Off the Dial

Routine Halloween

This is the obligatory post where I tell you that my son can go trick or treating. He can eat any sort of candy and please don’t give him the sugar free stuff.

But this will be our sixth(!) Halloween since Benny’s diagnosis of type 1 diabetes and we’re so used to the routine it’s hardly worth talking about anymore. But… it’s always worth talking about. Because there are always new families with newly diagnosed kids.

Just this week I got an email from a mom with a child diagnosed this spring. She was thinking about offering to trade in her son’s candy for a new toy, or buying back the treats to get rid of them. We’ve done both (and they worked great). This mom felt a bit guilty about basically bribing her kids to give up their Halloween candy. I say bribe away.

Halloween is a kid’s dream. You run around the neighborhood at night and get candy! You don’t have to pass a test or clean your room to earn that Kit Kat or package of Nerds – you just have to put on a costume and ring the doorbell.  But if you don’t want your child to actually eat all that junk and a trade-in or reward makes it easier for them to give up their loot, go for it.  Life is already full of trade-offs, especially for kids with type 1 diabetes. At least this one can be fun.

These days, we let our children eat about 5 pieces of candy on Halloween and then put the rest away. They can have 2 pieces for dessert (on the nights we allow dessert) and Benny can have a piece if his blood sugar gets low. In about a week we’re done with the good stuff. The hard candy and black licorice just sits in the bowl until Thanksgiving when I finally clean up ’cause company’s coming.

(By the way, that company includes my family up in NY. Thinking about all those kids in the Northeast who didn’t have Halloween last year because of a freak snow storm and probably won’t this year because of Sandy)

Tonight, we’ll be loading up the insulin cartridge, doing some extra BG checks and counting candy carbs. Have fun and stay safe, whatever your Halloween routine:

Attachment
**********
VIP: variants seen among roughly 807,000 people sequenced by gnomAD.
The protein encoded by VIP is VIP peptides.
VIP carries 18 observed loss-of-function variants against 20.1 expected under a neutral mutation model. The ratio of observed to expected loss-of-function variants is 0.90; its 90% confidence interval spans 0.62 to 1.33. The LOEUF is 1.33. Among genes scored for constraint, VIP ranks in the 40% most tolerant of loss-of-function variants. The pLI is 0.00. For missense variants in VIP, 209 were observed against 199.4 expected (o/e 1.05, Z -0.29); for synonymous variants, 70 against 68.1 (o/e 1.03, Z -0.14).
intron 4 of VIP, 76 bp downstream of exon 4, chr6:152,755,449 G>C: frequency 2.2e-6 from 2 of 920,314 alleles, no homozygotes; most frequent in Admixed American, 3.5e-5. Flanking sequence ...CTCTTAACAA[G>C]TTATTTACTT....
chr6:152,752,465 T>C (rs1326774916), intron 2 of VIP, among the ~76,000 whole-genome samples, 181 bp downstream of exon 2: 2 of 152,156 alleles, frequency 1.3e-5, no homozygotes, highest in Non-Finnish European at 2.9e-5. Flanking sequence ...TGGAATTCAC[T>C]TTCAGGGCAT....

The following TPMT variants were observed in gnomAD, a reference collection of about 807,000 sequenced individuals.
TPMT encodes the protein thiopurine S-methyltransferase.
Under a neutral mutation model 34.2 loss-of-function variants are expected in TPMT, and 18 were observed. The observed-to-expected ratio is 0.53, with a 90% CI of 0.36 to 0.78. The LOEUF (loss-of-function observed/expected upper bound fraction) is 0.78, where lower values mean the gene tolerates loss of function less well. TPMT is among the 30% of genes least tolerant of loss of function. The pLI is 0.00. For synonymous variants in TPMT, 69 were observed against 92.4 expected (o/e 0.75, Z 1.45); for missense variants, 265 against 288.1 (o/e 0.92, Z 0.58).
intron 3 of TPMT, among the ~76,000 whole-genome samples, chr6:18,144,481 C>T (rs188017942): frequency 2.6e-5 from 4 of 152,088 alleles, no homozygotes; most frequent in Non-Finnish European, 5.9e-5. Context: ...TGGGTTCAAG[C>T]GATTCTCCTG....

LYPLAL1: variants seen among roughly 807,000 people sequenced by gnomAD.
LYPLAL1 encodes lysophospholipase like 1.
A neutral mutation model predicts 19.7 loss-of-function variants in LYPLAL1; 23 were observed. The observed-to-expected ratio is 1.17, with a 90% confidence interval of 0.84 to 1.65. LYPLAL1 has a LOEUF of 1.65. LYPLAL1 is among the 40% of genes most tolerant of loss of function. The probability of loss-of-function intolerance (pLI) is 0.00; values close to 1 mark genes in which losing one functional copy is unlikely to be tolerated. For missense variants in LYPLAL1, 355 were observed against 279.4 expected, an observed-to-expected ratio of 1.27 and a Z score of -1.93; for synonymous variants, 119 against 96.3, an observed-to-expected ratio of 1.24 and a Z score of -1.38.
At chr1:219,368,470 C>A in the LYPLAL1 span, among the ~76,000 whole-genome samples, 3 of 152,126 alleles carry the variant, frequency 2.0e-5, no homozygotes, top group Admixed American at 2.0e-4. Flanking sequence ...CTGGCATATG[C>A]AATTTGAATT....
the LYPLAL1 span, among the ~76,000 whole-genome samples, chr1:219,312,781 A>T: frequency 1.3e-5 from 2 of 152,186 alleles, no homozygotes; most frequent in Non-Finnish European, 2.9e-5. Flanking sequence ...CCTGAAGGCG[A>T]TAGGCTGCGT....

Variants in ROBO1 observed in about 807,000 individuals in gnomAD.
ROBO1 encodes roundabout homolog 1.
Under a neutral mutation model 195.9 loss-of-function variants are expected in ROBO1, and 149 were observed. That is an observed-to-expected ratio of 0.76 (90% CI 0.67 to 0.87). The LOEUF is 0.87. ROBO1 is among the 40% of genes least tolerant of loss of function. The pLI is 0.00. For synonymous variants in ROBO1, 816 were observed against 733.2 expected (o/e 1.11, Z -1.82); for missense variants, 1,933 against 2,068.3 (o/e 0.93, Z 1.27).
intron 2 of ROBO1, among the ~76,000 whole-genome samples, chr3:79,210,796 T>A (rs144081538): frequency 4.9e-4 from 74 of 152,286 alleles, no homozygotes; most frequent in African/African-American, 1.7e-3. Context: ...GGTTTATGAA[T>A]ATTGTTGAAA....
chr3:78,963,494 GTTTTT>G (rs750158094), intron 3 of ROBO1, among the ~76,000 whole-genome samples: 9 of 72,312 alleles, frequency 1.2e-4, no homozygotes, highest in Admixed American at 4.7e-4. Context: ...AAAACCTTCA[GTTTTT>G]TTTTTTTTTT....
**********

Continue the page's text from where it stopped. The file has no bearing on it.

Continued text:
Looking forward to a diabetes camp reunion at the ADA walk next month.  We’ve got our own team of walkers and the ADA is giving away a free week of camp to one lucky family.  Benny had a great experience his first time at camp this summer – this week our local CBS affiliate interviewed us about it.

Benny was excited but nervous – he’s been on TV before but last time he was so little he doesn’t remember. The crew met us at a nearby playground (great day, but lots of sunlight in my pics).


I never know what Benny’s going to say (he’s 7!) so when the reporter starting asking questions I held my breath. But Benny rocked it! He explained the difference between type 1 and type 2 diabetes (“with type 1 your pancreas doesn’t work at all. With type 2 your pancreas still makes insulin but your body doesn’t know how to use it very well anymore.”)

He checked his blood sugar for the camera (high, of course, ugh), then took out his pump, showed how it worked and explained, “It’s like a mechanical pancreas.” So proud of him.

Of course, he also told the reporter he was diagnosed at 23 months but we didn’t tell him until he was six (!) and that he checks his blood sugar only 3 times a day (more like 8-10).

My daughter and husband came too, but both were reluctant to appear on camera. We did get Lea to play with Benny for a few minutes so at least she’ll be in the piece!